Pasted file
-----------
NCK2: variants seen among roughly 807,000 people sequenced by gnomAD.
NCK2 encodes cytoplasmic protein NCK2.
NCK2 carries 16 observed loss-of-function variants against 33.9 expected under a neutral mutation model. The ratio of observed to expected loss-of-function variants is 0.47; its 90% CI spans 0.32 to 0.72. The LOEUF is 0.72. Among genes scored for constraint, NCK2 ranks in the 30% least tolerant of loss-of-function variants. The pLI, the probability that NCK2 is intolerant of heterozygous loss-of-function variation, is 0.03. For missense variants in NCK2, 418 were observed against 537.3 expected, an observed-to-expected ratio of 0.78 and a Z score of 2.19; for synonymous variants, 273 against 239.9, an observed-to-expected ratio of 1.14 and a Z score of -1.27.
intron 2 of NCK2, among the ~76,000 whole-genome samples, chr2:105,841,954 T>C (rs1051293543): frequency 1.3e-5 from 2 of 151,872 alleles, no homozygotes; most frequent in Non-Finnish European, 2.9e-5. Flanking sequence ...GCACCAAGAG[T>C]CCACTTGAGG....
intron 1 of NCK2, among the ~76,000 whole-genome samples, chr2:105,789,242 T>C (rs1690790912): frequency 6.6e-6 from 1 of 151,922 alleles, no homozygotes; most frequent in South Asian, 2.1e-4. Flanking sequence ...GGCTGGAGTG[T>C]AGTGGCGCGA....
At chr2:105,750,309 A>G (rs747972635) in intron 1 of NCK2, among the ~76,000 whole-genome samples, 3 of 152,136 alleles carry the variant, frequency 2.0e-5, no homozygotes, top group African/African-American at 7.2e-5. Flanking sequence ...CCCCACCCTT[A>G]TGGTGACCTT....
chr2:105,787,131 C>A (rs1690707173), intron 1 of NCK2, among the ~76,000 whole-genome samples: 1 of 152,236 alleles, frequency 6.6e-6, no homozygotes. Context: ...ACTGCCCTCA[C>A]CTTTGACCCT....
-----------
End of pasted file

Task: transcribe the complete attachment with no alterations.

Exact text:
NCK2: variants seen among roughly 807,000 people sequenced by gnomAD.
NCK2 encodes cytoplasmic protein NCK2.
NCK2 carries 16 observed loss-of-function variants against 33.9 expected under a neutral mutation model. The ratio of observed to expected loss-of-function variants is 0.47; its 90% CI spans 0.32 to 0.72. The LOEUF is 0.72. Among genes scored for constraint, NCK2 ranks in the 30% least tolerant of loss-of-function variants. The pLI, the probability that NCK2 is intolerant of heterozygous loss-of-function variation, is 0.03. For missense variants in NCK2, 418 were observed against 537.3 expected, an observed-to-expected ratio of 0.78 and a Z score of 2.19; for synonymous variants, 273 against 239.9, an observed-to-expected ratio of 1.14 and a Z score of -1.27.
intron 2 of NCK2, among the ~76,000 whole-genome samples, chr2:105,841,954 T>C (rs1051293543): frequency 1.3e-5 from 2 of 151,872 alleles, no homozygotes; most frequent in Non-Finnish European, 2.9e-5. Flanking sequence ...GCACCAAGAG[T>C]CCACTTGAGG....
intron 1 of NCK2, among the ~76,000 whole-genome samples, chr2:105,789,242 T>C (rs1690790912): frequency 6.6e-6 from 1 of 151,922 alleles, no homozygotes; most frequent in South Asian, 2.1e-4. Flanking sequence ...GGCTGGAGTG[T>C]AGTGGCGCGA....
At chr2:105,750,309 A>G (rs747972635) in intron 1 of NCK2, among the ~76,000 whole-genome samples, 3 of 152,136 alleles carry the variant, frequency 2.0e-5, no homozygotes, top group African/African-American at 7.2e-5. Flanking sequence ...CCCCACCCTT[A>G]TGGTGACCTT....
chr2:105,787,131 C>A (rs1690707173), intron 1 of NCK2, among the ~76,000 whole-genome samples: 1 of 152,236 alleles, frequency 6.6e-6, no homozygotes. Context: ...ACTGCCCTCA[C>A]CTTTGACCCT....